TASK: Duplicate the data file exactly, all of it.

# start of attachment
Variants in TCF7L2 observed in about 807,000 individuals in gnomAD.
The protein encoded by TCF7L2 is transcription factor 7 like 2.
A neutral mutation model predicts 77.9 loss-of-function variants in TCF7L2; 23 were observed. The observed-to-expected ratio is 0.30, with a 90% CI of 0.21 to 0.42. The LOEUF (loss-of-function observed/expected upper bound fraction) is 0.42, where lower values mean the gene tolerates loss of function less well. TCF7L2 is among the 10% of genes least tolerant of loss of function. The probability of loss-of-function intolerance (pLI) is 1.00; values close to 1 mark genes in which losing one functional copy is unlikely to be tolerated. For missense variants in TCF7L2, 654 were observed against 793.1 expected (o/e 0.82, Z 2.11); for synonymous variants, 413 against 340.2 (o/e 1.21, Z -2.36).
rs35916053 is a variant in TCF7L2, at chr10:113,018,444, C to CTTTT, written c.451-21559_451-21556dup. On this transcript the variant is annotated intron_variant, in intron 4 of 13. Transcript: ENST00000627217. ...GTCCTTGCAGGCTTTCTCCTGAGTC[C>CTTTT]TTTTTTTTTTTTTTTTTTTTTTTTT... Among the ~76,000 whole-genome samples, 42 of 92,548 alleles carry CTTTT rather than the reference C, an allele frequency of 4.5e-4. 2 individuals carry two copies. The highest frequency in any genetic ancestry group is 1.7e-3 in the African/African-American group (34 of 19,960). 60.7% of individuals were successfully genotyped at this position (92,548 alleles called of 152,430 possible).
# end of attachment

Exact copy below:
Variants in TCF7L2 observed in about 807,000 individuals in gnomAD.
The protein encoded by TCF7L2 is transcription factor 7 like 2.
A neutral mutation model predicts 77.9 loss-of-function variants in TCF7L2; 23 were observed. The observed-to-expected ratio is 0.30, with a 90% CI of 0.21 to 0.42. The LOEUF (loss-of-function observed/expected upper bound fraction) is 0.42, where lower values mean the gene tolerates loss of function less well. TCF7L2 is among the 10% of genes least tolerant of loss of function. The probability of loss-of-function intolerance (pLI) is 1.00; values close to 1 mark genes in which losing one functional copy is unlikely to be tolerated. For missense variants in TCF7L2, 654 were observed against 793.1 expected (o/e 0.82, Z 2.11); for synonymous variants, 413 against 340.2 (o/e 1.21, Z -2.36).
rs35916053 is a variant in TCF7L2, at chr10:113,018,444, C to CTTTT, written c.451-21559_451-21556dup. On this transcript the variant is annotated intron_variant, in intron 4 of 13. Transcript: ENST00000627217. ...GTCCTTGCAGGCTTTCTCCTGAGTC[C>CTTTT]TTTTTTTTTTTTTTTTTTTTTTTTT... Among the ~76,000 whole-genome samples, 42 of 92,548 alleles carry CTTTT rather than the reference C, an allele frequency of 4.5e-4. 2 individuals carry two copies. The highest frequency in any genetic ancestry group is 1.7e-3 in the African/African-American group (34 of 19,960). 60.7% of individuals were successfully genotyped at this position (92,548 alleles called of 152,430 possible).